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Medicare in Danger of Running Out of Funds

The Board of Trustees for Medicare release a report to Congress every year outlining the financial performance and outlook of the Medicare trust fund. The Board of Trustees released the report for 2018 on June 5 and it contains a bleak outlook for the future of Medicare. Medicare is the second-largest social insurance program in the United States. In 2017, Medicare provided benefits to 58.4 million Americans and had a total expenditure of $710 billion.

This report is the first of its kind being presented after President Trump’s tax cuts went into effect. The report states that the Medicare trust fund will be depleted in 2026. This is in contrast to last year’s report which stated the program would remain funded until 2029.

The Medicare program has two separate trust funds. One, known as the Hospital Insurance Trust Fund (HI) or Medicare Part A, aids in paying for hospital visits, home health services following hospital visits, skilled nursing facilities, and hospice care for the aged and disabled. The other fund is known as the Supplementary Medical Insurance Trust Fund (SMI), which helps pay for outpatient hospital visits and provides voluntary drug insurance coverage, among other services.

The report states that the HI trust fund is the fund that is expected to run out of money by 2026. HI income is expected to be lower due to “lower payroll taxes attributable to lowered wages for 2017 and lower levels of projected GDP and lower-income from the taxation of Social Security benefits as a result of legislation.” Along with the lower levels of income expected for the fund, the Trustees are also expecting higher expenditures needed in 2018, which creates an unsustainable combination of lower funding with an increasing need for Medicare expenditures. The higher expenditures are due to “higher-than-expected spending in 2017, legislation that increased hospital spending, and higher Medicare Advantage payments.” The average annual cost per beneficiary is about $13,600, which is expected to increase to more than $17,000 in the next five years. The premium paid by most Medicare beneficiaries is only expected to rise by about $1.50, to $135.50 per month. However, for beneficiaries with incomes over $160,000, the premium is expected to rise to $460 per month.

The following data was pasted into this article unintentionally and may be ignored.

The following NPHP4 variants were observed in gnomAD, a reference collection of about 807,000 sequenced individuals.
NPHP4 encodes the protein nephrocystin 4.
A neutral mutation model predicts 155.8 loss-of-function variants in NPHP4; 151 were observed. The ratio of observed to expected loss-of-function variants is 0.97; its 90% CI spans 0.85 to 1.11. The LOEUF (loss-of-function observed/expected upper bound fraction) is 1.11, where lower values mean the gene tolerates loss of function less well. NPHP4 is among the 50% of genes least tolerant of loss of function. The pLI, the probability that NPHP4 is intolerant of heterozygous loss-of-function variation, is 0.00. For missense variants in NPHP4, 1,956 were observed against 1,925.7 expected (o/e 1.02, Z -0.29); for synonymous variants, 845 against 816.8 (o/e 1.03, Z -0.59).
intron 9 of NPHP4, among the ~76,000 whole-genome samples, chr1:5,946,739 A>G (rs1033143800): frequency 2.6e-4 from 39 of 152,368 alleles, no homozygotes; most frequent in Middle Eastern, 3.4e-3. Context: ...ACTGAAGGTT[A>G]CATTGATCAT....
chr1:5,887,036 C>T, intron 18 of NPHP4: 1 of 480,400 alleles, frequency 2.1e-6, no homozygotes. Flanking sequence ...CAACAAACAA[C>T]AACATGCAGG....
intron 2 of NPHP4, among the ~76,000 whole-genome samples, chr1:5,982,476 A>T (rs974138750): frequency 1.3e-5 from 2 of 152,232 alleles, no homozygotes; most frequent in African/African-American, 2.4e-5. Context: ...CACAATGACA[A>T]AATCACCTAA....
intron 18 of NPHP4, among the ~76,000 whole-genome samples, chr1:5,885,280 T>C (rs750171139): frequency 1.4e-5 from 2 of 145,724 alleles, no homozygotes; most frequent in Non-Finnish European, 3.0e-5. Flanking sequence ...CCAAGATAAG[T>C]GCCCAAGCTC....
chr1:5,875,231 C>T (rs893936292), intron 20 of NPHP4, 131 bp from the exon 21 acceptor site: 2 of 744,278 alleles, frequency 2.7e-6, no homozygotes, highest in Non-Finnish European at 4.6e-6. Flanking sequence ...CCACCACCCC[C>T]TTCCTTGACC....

By contrast, the SMI trust fund is expected to be adequately financed over the next 10 years. This is primarily due to the face that premium income and general revenue income for SMI are reset each year to cover expected costs and provide a reserve.

In conclusion, the report states, “The financial projections in this report indicate a need for substantial steps to address Medicare’s remaining financial challenges” and states that if this pattern of lower-income and higher expenditures continues it will represent a significant strain on the economy.

We will continue to provide updates on the status of the Medicare Trust Fund and how it may affect you or your loved ones. If you have any questions about something you read, please do not hesitate to contact our office by calling us at (718) 233-2903.